Breakfast at St. Moritz, lunch high up the Alps, and dinner at Zermatt… all thanks to the red caterpillar!
Who, you might wonder, would dare market a spectacular train journey, between one of the world's most expensive holiday-destinations, and an especially charming mountain village as the ‘world's slowest fast train'? Well, the Swiss seem to have done just that, and despite the unforgivably quaint pitch, have made a grand success of it too! Then again, success comes easily to the Glacier Express. The train, running from the East to the West of Switzerland, simply slices through the Alps, and pulls-in, a good 7.5 hours later, at the other end. Which can be, depending on where you hopped on, either Zermatt or St. Moritz, both incredibly lovely places, and without doubt, eye-wateringly expensive!
Take St. Moritz – all we wanted to do, was doss down for the night, and catch the Glacier Express the next morning. After many enquiries and much haggling (and pledging all our heirloom jewellery) we, finally, put down a deposit for a family room, at a pokey little hotel, miles from the actual village! Once we got there, it was easy to see why they charge those absurd prices – right from the giant escalator that neatly whisks you up from the shores of the stunning, sapphire blue lake (surrounded, naturally, by very photogenic, snow-capped mountains) to the glamorous high-street brimming with designer stores, everything here screams ‘playground of the rich and famous!' All winter long, St. Moritz graciously hosts the uber-chic, flaunting their carefully tanned, toned bodies and in summer, we were told to expect nothing less than a profusion of opulent, fur-trimmed coats! Sadly, we saw no such bizarre sight, mostly because the famous St. Moritz sun, guaranteed to shine 322 days a year, was obliterated, on our one measly evening in town, by fat, tumultuous rain clouds.
Praying for good weather
At exactly 10:02 the next morning, the arrestingly red, gigantic caterpillar pulled out of the St. Moritz Railway Station and made its way sedately (average speed 39 kmph) towards Zermatt. Since its maiden journey on the 26th of July 1930, the train has transported thousands of excited ski-addicts and armchair explorers from one chic mountaintop ski-resort to the next! But, despite its roaring popularity, the train remained, for 52 years, a summer-only service, as some of the higher reaches (on the Furka Alpine route) were unsafe in the winter months. But the Swiss weren't going to allow mere snowdrifts and impassable-mountains come in the way… and after nearly 10 years of hard-labour and remarkable-engineering, they proudly unveiled, in 1982, the mammoth, 15.4 km Furka tunnel, between Realp and Oberwald
Today, the ultra-modern train, with its great big panorama windows, runs all year long, on a narrow gauge railway, and uses a rack-and-pinion system to pull it up the steep bits. Why, when the train climbs up the Oberalp pass (another marvel, at a dizzying 2033 metres!) you hear the creaks and groans, like you do on roller-coasters, just before the big, sheer drop! Thankfully, the Glacier Express does not do undignified descents… everything about the train spells class and comfort – even the food (limited vegetarian options) was scrumptiously good!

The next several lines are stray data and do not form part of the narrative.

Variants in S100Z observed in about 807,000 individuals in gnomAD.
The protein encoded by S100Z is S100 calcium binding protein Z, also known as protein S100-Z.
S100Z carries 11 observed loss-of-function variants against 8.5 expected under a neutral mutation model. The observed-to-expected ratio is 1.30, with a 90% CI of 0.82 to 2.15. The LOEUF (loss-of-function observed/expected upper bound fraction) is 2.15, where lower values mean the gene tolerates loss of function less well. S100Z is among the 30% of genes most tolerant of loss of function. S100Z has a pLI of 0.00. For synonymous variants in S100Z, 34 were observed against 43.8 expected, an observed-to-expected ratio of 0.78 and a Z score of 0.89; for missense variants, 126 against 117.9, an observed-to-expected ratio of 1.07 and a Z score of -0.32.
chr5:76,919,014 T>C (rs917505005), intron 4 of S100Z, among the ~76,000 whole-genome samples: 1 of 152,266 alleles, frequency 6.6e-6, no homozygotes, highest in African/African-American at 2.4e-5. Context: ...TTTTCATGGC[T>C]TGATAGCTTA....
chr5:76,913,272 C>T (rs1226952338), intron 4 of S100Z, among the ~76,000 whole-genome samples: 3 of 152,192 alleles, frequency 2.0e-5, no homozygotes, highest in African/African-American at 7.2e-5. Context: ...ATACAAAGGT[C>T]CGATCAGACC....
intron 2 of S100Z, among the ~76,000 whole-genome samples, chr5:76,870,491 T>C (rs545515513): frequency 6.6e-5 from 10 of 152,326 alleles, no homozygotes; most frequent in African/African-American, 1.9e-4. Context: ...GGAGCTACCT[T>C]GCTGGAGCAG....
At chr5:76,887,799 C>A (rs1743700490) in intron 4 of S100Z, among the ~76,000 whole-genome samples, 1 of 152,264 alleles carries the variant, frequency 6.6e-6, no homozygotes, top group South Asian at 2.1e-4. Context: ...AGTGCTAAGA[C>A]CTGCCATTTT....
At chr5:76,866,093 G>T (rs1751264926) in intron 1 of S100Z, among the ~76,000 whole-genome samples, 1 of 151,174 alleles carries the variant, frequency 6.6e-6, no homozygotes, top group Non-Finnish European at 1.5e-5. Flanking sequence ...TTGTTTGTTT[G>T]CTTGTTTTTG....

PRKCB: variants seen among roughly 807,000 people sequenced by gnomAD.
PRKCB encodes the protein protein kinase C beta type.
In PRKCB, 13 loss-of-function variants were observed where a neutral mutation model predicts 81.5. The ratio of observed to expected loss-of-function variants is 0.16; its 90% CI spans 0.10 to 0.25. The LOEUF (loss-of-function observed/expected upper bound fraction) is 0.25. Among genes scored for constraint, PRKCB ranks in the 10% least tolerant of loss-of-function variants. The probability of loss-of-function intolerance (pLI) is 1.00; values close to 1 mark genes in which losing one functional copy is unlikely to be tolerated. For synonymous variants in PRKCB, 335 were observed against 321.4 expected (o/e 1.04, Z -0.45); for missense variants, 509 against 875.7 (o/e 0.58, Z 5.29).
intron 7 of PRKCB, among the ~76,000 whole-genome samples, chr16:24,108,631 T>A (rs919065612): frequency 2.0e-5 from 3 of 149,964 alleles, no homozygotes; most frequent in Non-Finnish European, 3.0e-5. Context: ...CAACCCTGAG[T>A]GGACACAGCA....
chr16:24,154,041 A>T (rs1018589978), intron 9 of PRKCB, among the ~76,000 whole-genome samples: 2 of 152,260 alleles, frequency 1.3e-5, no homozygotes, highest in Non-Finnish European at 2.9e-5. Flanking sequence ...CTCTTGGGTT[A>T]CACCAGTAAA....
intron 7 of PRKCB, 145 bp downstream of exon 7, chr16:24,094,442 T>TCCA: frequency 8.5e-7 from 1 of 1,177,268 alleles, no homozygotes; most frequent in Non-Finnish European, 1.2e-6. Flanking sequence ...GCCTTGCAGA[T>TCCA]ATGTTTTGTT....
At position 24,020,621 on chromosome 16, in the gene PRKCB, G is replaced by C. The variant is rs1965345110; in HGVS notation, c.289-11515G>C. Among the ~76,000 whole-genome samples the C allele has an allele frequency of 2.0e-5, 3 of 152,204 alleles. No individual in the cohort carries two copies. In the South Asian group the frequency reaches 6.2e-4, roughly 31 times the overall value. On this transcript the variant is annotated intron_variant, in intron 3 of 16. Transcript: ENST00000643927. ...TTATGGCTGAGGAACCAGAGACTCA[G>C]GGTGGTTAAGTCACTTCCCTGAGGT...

Value for money
At 133 CHF for a second-class one-way ticket (or a mere 33 CHF supplement if you have a Swiss Rail Pass) you get to gawp all-day long at vistas that are simply not otherwise accessible. Throw in truckloads of history and trivia piped into your middle-ear, in a language of your choice, and you get your money's worth long before you reach the much-photographed Landwasser Via-duct. With every twist and turn of the tracks, you see new landscapes - gorgeous villages, all soaring steeples and brick-red sloped roofed-houses, fat, brown cows phlegmatically munching-away a few metres from the tracks, ice melting in front of your eyes, tumbling down great hills as little water-falls, thick, green pine forests and wild-meadows, canyons, gorges, ancient rivers, spanking new bridges… there's no getting bored of the journey!
Just before your camera goes up in smoke from over-use, the train trundles into Zermatt. Walking out of the station, you are greeted with a remarkable sight – boxy electric taxis and horse-drawn carriages, standing side-by-side! Zermatt, you see, is a car-free village (cars are parked at Tasch, from where regular shuttle-services are available). With the Matterhorn (the mountain that inspired the delicious Toblerone chocolates, shaped as close to a triangle as nature could possibly manage) smiling down the village, like some mighty guardian-angel, this charming place is humble chalk to St. Mortitz's gourmet cheese. Even the accommodation is (by Swiss standards) affordable, while the cafes and pubs happily groan with a vibrant, youthful (slightly grungy even) populace. But there's one major, striking similarity – the omnipresent Swiss branded-watches, some of them at prices that make you wonder if they're throwing in the Glacier Express itself as a freebie…
St. Moritz and Zermatt are easily accessible by the superb rail-network in Switzerland. Fly into Zurich or Geneva, and board a train (change-overs possible) and get to the mountain-resorts in a few hours.
There are accommodations to suit all budgets, particularly the high-end! But if you book early enough and are willing to travel a bit, you can get yourself a great deal.
The Glacier Express (jointly operated by the Rhätische Bahn and Matterhorn Gotthard Bahn) runs several times a day in summer, but has just one service from each end in winter. Crossing 291 bridges and 91 tunnels, the train covers a mere 290 km over 7.5 long hrs and is, justifiably, vaunted as the most scenic ride in all of Europe!